The configurable table 307 and latency table 406 can be initialized with particular values, and can be reconfigured as needed. Configuration ports 306, 402 allow both initialization and reconfiguration of the tables. Reconfiguration command 301 and/or 401, preferably issued external from system 200, is used to reconfigure one or both of the tables 307 and 406. Such command may be in the form of (“write_config_table”, <name of config table>, <index of word within table>, value). This allows the values in the field programmable tables 307, 406 to be selectively added, deleted, revised, changed, or updated to desired values from a controller outside the system 200. Note that in some usage, not every branch arrive at all PEs in the same clock-cycle. While arrival at the same clock cycle is a possible usage mode, the latency buffer allows selection of other timing relationships between the arrival time at different PEs.

A particular network path may be programmed by loading data into the configuration table 307. Similarly, specific delay values may be programmed by loading data in the latency table 406. The values loaded in these tables determine the allowed configurations that are currently supported by the branch transport network. Data can be loaded into these tables using a number of methods. For example, memories that store tables could be “memory mapped” onto a common bus and loaded by a central controller. Memory mapping is a technique for referencing memory locations by providing addresses. This technique is commonly used when there is a collection of disparate memory blocks. These blocks are simply assigned unique addresses, and datapath is added so that these locations can now be referenced (loaded from and/or stored to) by using the addresses to refer to the desired location.

Serial paths have been traditionally used to load reconfigurable devices and could be utilized to load such tables. Various scan techniques have often been used to shift a set of values through long shift registers to load field programmable memories. These techniques are also appropriate for implementing an external write capability and can be used to support the initialization of branch transport configuration tables and delay lookup tables from the outside. Scan techniques are examples of using serial paths to load memories. Instead of assigning an address to each unit of memory, scan techniques link the memories up in a known order into a single sequence. Contents can be loaded into the memories by externally arranging it in the correct order, and then shift it in. Similarly, the content of the memories can be read out by shifting the entire sequence and externally extracting the desired portion.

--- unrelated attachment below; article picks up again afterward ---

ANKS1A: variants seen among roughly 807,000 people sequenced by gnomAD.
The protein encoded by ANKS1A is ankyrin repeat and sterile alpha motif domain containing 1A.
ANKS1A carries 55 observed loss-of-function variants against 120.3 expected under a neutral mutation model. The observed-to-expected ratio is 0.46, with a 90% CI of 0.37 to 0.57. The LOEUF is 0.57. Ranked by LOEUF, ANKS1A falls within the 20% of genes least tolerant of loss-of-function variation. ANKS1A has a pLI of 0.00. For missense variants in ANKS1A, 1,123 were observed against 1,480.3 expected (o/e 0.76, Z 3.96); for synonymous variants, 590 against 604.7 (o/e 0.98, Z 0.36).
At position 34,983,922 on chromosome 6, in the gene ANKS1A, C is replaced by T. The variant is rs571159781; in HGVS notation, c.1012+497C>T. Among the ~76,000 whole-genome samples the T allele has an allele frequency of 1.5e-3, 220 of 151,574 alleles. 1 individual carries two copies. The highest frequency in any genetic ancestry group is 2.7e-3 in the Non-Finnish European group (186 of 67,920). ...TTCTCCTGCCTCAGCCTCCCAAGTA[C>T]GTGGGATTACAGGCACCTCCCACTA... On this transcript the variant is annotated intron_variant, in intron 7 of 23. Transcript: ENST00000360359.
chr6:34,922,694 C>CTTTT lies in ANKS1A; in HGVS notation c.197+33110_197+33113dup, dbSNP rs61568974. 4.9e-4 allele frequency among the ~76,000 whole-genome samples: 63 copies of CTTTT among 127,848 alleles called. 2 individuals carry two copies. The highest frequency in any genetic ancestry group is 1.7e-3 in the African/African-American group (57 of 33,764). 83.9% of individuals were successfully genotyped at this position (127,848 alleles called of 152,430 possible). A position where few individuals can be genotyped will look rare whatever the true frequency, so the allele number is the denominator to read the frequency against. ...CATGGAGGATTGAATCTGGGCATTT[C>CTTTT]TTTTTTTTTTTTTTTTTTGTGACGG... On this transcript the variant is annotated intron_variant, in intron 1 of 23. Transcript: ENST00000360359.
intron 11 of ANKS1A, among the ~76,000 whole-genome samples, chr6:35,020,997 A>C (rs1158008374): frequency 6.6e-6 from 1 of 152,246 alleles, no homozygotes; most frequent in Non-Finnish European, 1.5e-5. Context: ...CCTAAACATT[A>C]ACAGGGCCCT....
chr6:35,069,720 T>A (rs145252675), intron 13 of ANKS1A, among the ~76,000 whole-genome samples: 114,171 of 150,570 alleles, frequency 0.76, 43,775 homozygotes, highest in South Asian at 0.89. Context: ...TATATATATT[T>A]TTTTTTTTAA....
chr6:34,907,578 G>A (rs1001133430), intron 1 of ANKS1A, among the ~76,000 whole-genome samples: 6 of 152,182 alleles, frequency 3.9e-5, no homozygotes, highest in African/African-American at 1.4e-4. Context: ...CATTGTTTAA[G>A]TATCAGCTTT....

A technique described in a related application entitled, “System and Method for Self Configuration of Reconfigurable Systems,” Ser. No. 10/215,300 incorporated herein by reference, would allow self reconfiguration. A subset of reconfigurable system can reconfigure its configuration tables without interfering with the operation of the remainder of the reconfigurable system.

FIG. 5 depicts an alternate PE 100 realization where the instruction memory-based control, with its instruction memory, PC, and incrementor, has been replaced with a state machine. The state machine includes a current state 108, which is decoded by the control decode logic 109 to obtain control signals fed to the functional units (FUs) 103 and branch unit 105. The current state 108 is also an input into combinational logic for computing the next state 110. Branch commands arriving from the branch transport network 201 is an input into the logic that computes the next state 110. Status information from the FUs (not shown in FIG. 5) may also influence the computation of the next state. Branch commands are inserted into the network from the branch unit 105. The branch transport network operates as described earlier, using a Route ID carried on the branch command to determine the distribution of the branch command. The branch command also carries a branch target name that is interpreted at each destination PE, causing each destination PE's state machine to jump to a desired target current state. Different PEs in the same VLIW clusters may have different state machines. Thus the same branch target name is interpreted differently at each destination PE.

A preferred embodiment of our invention described above provides two mechanisms to change the way a branch transport network propagates branch commands emanating from the same source PE. One mechanism uses different Route IDs on the branch commands. Another reprograms the configuration tables of branch transport cells. Programming a cell's configuration table differently can cause the cell to treat branch commands carrying the same Route ID differently. The expectation is that in many embodiments, the first mechanism provides a fast way of changing the way branch commands are propagated, while the second mechanism provides a slower means to effect the change. It is conceivable that some embodiments may choose to use both techniques, while some embodiment may choose to use only one technique. In particular, a system that only uses the second mechanism can be viewed as one where there is only one entry in the configuration table 307. Since there is only one Route ID available at each cell at any time, there is correspondingly no need for a Route ID to be explicitly carried on each branch command.

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Referenced by
Citing PatentFiling datePublication dateApplicantTitle
US8086706Mar 22, 2011Dec 27, 2011Samsung Electronics Co., Ltd.System and method for self configuration of reconfigurable systems
Classifications
U.S. Classification712/233, 712/E09.05, 712/E09.046, 712/E09.071, 712/E09.077, 712/E09.053, 712/E09.035, 712/E09.056
International ClassificationG06F9/38, G06F9/00, G06F9/318, G06F15/163, G06F9/32
Cooperative ClassificationG06F9/3828, G06F9/3804, G06F9/3885, G06F9/3891, G06F9/30058, G06F9/30181, G06F9/3842, G06F9/3824, G06F9/3851
European ClassificationG06F9/38D1B, G06F9/38T6C, G06F9/30A3C, G06F9/30X, G06F9/38B2, G06F9/38E2, G06F9/38D, G06F9/38E4, G06F9/38T